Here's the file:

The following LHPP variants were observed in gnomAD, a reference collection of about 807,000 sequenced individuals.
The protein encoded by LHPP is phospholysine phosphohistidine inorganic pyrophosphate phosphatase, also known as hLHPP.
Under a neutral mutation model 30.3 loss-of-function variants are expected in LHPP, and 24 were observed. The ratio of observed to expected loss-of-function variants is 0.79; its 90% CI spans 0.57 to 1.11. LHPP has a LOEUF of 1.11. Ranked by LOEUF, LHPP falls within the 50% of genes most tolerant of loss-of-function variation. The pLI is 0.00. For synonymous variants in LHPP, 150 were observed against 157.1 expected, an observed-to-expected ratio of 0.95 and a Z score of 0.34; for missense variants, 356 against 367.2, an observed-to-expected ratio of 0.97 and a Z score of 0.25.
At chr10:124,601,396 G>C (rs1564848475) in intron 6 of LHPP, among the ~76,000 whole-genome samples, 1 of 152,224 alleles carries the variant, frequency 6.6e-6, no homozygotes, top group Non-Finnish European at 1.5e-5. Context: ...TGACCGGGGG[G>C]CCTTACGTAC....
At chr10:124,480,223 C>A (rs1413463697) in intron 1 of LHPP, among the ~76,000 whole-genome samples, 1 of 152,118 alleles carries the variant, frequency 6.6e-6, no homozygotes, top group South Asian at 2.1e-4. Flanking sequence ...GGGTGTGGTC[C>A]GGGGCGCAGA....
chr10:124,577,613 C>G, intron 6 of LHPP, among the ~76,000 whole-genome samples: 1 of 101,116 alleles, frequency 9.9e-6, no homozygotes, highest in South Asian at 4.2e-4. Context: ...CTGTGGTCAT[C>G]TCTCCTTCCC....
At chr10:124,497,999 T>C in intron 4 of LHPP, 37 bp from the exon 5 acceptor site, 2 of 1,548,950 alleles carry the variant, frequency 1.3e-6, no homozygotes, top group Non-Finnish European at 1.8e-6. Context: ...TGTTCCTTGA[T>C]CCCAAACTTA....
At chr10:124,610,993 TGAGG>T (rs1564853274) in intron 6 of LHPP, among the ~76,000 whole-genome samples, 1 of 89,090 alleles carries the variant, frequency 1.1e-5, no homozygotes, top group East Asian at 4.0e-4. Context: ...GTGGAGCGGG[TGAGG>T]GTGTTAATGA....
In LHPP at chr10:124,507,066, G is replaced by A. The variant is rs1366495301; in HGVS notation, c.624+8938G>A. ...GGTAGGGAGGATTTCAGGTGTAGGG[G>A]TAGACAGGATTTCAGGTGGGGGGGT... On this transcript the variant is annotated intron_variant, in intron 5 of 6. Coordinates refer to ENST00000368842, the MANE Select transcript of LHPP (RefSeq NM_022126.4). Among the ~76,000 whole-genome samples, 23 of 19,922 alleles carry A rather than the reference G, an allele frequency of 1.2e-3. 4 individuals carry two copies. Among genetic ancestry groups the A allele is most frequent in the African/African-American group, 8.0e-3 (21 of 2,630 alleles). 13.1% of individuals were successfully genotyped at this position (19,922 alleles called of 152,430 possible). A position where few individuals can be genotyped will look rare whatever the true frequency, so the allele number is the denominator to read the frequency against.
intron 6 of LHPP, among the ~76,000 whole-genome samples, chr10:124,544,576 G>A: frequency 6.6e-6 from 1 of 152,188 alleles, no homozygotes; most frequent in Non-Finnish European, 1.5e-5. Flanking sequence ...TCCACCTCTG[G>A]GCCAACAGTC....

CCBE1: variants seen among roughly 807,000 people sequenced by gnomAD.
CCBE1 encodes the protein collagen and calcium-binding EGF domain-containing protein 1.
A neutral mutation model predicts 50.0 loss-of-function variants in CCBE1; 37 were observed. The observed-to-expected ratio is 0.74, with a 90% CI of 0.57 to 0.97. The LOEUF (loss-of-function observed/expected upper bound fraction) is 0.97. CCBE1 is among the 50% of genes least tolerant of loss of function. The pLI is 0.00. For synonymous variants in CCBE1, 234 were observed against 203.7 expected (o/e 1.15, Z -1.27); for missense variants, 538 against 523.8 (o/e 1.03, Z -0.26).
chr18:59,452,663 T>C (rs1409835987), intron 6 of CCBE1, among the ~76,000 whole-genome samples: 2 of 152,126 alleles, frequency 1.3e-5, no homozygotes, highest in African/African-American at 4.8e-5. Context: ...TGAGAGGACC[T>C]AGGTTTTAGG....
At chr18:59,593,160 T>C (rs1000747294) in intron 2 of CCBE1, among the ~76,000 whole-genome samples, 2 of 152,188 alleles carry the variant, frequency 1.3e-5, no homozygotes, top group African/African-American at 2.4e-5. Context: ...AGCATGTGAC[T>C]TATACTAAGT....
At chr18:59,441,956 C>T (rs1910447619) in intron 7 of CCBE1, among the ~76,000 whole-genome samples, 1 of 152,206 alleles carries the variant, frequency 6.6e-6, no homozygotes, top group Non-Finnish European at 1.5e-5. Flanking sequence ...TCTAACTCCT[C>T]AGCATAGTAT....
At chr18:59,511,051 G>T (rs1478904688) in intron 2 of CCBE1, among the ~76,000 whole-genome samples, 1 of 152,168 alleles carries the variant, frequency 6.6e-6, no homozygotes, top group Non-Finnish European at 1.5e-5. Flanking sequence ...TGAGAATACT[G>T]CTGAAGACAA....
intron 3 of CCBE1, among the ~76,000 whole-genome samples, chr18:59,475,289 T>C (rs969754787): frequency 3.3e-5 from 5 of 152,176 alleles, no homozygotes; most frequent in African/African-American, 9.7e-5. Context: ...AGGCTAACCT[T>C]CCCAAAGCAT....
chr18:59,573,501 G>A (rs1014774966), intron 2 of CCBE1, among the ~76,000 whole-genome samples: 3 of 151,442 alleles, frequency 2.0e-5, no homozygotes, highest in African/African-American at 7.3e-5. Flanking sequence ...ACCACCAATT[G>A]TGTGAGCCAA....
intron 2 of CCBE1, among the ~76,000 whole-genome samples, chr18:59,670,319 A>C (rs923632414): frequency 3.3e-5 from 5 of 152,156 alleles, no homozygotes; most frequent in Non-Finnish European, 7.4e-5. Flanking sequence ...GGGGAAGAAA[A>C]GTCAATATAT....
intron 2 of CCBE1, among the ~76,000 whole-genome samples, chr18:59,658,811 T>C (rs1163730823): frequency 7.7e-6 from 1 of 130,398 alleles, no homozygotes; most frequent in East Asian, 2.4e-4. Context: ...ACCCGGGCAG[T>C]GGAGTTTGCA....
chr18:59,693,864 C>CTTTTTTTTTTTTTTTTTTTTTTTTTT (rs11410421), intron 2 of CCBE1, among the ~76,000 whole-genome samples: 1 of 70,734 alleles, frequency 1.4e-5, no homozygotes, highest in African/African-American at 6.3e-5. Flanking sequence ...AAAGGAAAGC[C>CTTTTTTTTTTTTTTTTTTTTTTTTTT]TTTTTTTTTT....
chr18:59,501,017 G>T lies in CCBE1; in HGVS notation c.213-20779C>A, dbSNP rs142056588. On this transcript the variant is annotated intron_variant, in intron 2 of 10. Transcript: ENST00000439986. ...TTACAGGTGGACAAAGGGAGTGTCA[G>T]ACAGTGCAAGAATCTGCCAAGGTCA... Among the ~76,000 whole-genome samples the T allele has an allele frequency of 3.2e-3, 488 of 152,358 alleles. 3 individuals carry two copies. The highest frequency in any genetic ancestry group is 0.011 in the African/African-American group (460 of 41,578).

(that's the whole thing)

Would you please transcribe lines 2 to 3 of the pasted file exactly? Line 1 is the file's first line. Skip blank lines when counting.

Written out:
The protein encoded by LHPP is phospholysine phosphohistidine inorganic pyrophosphate phosphatase, also known as hLHPP.
Under a neutral mutation model 30.3 loss-of-function variants are expected in LHPP, and 24 were observed. The ratio of observed to expected loss-of-function variants is 0.79; its 90% CI spans 0.57 to 1.11. LHPP has a LOEUF of 1.11. Ranked by LOEUF, LHPP falls within the 50% of genes most tolerant of loss-of-function variation. The pLI is 0.00. For synonymous variants in LHPP, 150 were observed against 157.1 expected, an observed-to-expected ratio of 0.95 and a Z score of 0.34; for missense variants, 356 against 367.2, an observed-to-expected ratio of 0.97 and a Z score of 0.25.